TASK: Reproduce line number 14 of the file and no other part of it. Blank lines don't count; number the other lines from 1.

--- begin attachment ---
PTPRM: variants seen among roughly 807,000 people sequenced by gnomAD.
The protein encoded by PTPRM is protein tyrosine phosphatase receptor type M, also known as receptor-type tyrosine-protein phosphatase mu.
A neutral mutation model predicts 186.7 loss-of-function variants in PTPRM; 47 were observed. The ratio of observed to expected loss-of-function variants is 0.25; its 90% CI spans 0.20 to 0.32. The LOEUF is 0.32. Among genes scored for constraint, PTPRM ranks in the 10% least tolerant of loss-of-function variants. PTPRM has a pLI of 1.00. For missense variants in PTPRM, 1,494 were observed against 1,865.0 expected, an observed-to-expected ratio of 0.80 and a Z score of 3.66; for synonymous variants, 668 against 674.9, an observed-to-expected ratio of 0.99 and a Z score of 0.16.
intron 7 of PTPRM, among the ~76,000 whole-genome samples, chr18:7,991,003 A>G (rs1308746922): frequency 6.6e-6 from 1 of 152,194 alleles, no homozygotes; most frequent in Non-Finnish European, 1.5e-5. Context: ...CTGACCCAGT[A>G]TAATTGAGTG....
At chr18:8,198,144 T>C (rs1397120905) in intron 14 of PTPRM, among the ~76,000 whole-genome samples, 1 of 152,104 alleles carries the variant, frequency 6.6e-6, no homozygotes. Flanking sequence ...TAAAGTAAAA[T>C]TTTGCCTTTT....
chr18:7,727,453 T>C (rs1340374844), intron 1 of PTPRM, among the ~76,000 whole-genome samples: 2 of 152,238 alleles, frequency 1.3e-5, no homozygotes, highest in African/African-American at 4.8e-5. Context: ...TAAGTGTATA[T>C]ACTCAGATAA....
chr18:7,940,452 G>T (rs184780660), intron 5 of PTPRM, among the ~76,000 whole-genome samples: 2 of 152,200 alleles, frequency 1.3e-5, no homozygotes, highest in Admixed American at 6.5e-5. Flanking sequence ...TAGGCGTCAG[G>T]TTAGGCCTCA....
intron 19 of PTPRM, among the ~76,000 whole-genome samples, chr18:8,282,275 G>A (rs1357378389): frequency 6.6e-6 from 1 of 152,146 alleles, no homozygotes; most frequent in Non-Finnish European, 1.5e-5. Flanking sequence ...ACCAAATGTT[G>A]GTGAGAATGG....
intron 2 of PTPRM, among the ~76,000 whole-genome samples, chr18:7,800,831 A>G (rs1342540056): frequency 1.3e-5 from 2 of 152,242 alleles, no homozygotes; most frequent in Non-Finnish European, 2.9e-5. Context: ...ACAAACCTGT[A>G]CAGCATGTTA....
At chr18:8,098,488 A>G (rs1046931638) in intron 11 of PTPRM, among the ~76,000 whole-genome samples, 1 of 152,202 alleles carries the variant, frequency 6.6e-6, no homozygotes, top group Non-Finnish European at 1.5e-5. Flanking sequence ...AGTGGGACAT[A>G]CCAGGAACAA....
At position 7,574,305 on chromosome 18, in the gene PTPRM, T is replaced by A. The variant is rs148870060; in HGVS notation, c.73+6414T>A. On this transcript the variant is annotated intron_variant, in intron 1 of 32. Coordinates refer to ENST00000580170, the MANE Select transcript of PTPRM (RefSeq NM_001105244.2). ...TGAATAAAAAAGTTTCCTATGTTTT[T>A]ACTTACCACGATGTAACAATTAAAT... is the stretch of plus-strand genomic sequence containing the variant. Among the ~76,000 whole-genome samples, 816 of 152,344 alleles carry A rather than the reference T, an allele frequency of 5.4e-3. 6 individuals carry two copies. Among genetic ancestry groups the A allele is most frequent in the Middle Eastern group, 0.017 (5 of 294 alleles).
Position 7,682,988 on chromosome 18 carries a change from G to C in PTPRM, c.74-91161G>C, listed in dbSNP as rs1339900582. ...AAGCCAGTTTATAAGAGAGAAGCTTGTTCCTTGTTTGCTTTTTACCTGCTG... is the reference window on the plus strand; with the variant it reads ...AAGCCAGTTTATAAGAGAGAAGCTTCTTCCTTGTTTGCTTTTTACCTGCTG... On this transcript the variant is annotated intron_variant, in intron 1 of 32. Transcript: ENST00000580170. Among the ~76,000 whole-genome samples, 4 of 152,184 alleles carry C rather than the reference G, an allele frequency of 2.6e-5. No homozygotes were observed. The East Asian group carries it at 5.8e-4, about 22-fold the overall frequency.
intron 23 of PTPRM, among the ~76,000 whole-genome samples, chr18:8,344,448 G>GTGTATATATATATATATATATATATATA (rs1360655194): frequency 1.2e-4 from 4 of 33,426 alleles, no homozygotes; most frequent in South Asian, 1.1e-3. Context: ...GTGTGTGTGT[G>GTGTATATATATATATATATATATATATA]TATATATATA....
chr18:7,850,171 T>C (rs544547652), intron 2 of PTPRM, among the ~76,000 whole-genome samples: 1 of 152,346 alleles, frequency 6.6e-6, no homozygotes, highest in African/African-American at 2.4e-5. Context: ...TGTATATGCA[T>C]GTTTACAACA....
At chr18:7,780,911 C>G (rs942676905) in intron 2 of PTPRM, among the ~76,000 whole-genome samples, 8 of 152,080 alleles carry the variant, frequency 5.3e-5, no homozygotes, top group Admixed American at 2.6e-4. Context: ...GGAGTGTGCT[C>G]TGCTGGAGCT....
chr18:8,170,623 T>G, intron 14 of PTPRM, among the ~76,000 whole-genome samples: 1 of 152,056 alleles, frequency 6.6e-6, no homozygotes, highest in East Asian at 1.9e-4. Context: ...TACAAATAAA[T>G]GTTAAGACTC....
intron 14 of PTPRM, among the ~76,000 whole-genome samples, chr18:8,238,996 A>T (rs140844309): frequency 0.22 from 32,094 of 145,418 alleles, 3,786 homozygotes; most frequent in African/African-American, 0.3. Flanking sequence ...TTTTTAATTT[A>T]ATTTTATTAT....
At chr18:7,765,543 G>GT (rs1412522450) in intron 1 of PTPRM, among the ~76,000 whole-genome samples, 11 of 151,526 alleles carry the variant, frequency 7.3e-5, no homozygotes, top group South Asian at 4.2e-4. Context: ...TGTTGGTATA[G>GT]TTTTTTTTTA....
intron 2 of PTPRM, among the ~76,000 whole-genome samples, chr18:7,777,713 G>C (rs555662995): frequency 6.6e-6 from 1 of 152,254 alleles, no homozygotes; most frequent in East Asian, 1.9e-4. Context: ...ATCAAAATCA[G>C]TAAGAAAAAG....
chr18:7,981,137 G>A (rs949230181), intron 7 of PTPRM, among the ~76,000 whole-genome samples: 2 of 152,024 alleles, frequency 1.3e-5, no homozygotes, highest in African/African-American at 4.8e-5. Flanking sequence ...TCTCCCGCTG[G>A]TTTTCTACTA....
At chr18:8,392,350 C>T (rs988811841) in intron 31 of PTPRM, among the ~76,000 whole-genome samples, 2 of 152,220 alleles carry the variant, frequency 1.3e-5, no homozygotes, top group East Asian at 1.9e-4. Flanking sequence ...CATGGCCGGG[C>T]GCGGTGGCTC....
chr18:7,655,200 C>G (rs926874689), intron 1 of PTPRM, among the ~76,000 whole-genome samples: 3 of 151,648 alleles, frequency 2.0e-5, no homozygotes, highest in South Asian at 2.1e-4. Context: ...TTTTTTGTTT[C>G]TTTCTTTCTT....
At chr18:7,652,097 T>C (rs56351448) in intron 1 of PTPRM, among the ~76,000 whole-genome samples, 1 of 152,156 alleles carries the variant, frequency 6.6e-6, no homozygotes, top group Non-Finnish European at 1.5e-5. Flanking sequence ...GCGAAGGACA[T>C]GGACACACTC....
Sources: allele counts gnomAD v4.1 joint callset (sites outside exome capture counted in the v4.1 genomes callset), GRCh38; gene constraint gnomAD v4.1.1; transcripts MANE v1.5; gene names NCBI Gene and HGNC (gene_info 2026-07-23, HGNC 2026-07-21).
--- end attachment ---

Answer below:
chr18:7,850,171 T>C (rs544547652), intron 2 of PTPRM, among the ~76,000 whole-genome samples: 1 of 152,346 alleles, frequency 6.6e-6, no homozygotes, highest in African/African-American at 2.4e-5. Context: ...TGTATATGCA[T>C]GTTTACAACA....